The effect of placental syncytiotrophoblast microvillous membranes from normal and pre-eclamptic women on the growth of endothelial cells in vitro.
Smárason AK., Sargent IL., Starkey PM., Redman CW.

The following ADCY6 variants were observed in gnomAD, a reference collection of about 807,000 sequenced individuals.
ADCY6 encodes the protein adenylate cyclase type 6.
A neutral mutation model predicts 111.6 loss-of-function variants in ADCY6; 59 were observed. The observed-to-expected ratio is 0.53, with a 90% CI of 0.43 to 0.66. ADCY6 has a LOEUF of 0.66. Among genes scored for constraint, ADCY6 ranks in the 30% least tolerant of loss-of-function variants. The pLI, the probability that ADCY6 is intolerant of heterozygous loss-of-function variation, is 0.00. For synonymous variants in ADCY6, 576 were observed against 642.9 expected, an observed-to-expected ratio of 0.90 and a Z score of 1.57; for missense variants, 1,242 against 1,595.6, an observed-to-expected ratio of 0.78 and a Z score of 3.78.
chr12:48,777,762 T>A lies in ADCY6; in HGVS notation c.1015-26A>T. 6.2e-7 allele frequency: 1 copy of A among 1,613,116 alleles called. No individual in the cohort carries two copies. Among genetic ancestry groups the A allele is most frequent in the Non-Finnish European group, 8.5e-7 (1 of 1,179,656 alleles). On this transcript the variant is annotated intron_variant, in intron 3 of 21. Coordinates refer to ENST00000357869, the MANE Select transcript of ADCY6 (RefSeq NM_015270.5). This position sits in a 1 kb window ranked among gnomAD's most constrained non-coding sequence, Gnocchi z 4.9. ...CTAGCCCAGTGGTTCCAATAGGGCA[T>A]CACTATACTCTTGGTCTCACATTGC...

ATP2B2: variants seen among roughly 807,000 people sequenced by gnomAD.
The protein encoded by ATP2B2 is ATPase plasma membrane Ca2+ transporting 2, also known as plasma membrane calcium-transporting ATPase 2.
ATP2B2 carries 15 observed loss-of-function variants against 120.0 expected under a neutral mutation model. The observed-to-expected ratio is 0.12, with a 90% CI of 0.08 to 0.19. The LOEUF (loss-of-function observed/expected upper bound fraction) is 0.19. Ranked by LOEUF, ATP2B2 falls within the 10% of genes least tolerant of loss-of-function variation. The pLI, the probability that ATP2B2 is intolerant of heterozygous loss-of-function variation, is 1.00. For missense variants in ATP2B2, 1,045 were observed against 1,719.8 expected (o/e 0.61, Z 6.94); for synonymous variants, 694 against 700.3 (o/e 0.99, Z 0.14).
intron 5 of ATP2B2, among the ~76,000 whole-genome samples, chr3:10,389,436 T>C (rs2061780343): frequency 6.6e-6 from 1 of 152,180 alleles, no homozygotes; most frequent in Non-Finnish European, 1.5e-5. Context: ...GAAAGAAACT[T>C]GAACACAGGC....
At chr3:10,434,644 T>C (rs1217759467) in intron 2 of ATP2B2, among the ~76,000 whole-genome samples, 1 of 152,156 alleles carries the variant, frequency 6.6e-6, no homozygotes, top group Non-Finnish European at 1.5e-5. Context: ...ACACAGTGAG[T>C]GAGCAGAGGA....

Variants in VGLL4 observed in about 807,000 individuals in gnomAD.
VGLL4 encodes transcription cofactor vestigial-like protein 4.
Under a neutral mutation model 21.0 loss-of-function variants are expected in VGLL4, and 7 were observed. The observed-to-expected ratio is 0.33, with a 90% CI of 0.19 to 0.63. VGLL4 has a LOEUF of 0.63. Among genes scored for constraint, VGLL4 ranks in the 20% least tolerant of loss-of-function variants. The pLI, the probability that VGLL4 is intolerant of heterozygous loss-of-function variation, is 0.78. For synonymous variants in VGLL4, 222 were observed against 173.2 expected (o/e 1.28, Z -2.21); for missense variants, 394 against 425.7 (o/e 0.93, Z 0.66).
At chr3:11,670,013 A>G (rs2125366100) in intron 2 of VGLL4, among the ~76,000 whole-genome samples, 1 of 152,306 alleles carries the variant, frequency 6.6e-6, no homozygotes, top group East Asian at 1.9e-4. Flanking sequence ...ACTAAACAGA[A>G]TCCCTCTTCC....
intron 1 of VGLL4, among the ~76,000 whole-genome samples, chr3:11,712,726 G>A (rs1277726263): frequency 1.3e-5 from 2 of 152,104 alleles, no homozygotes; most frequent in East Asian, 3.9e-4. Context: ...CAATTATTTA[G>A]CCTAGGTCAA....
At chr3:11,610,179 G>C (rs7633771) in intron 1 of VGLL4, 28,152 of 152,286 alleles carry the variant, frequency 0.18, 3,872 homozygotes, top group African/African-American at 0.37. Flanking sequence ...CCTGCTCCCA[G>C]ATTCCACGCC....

OBJECTIVES: To determine if placental syncytiotrophoblast microvillous (STBM) membranes contain factors which could cause the maternal endothelial cell disturbance thought to be central to the pathophysiology of the maternal syndrome of pre-eclampsia. DESIGN: STMB membranes isolated from pre-eclamptic or normal placentae were added to cultures of endothelial cells and their effect on the proliferation (measured by 3H-thymidine incorporation), viability (measured by 51Cr release) and growth as a monolayer of these cells was determined. Membranes prepared from red blood cells, and non-endothelial adherent and nonadherent cell lines were used as specificity controls. SUBJECTS: STBM membranes were isolated from the placentae of primigravid women, 10 having caesarean sections for breech presentations and 10 for pre-eclampsia. RESULTS: STBM membranes from the placentae of normal and pre-eclamptic women suppressed endothelial cell proliferation to a similar extent and disrupted the cell monolayer to form a honeycomb-like pattern. This change in morphology was seen before significant endothelial cell death occurred. Red blood cell membranes had no effect on either endothelial cell proliferation, viability or monolayer integrity. Endothelial cells from human umbilical arteries and bovine adrenal capillaries were similarly suppressed, but comparable concentrations of STBM membranes had no effect on non-endothelial cell lines. CONCLUSIONS: Syncytiotrophoblast microvillous membranes specifically interfered with endothelial cell growth in vitro. Our results demonstrate that there are trophoblast products which could cause the maternal syndrome of pre-eclampsia through endothelial cell damage.